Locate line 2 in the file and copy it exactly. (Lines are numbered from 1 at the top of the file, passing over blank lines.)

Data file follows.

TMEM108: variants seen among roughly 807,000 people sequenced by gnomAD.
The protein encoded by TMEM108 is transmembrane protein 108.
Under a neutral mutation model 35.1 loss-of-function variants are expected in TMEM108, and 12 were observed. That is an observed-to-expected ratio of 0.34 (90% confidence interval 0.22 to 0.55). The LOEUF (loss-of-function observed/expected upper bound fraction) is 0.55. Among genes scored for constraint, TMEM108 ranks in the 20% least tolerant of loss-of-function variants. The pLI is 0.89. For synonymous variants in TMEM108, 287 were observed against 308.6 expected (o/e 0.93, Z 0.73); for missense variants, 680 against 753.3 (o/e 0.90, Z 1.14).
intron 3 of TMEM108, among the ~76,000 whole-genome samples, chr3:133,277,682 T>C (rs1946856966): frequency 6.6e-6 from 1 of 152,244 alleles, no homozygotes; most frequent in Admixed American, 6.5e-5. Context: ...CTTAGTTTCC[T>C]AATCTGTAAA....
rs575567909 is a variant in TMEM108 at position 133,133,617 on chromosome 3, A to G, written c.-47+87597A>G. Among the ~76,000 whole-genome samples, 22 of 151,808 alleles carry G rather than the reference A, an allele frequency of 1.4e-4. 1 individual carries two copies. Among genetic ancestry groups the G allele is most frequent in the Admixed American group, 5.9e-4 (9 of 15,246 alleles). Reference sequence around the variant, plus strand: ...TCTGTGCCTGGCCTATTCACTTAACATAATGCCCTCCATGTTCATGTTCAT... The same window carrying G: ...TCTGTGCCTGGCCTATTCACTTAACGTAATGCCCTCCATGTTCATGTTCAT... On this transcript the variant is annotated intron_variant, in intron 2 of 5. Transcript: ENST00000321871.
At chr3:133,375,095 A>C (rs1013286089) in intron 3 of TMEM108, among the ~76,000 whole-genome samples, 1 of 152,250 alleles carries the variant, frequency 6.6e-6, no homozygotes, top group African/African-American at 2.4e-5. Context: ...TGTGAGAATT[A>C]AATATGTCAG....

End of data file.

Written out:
The protein encoded by TMEM108 is transmembrane protein 108.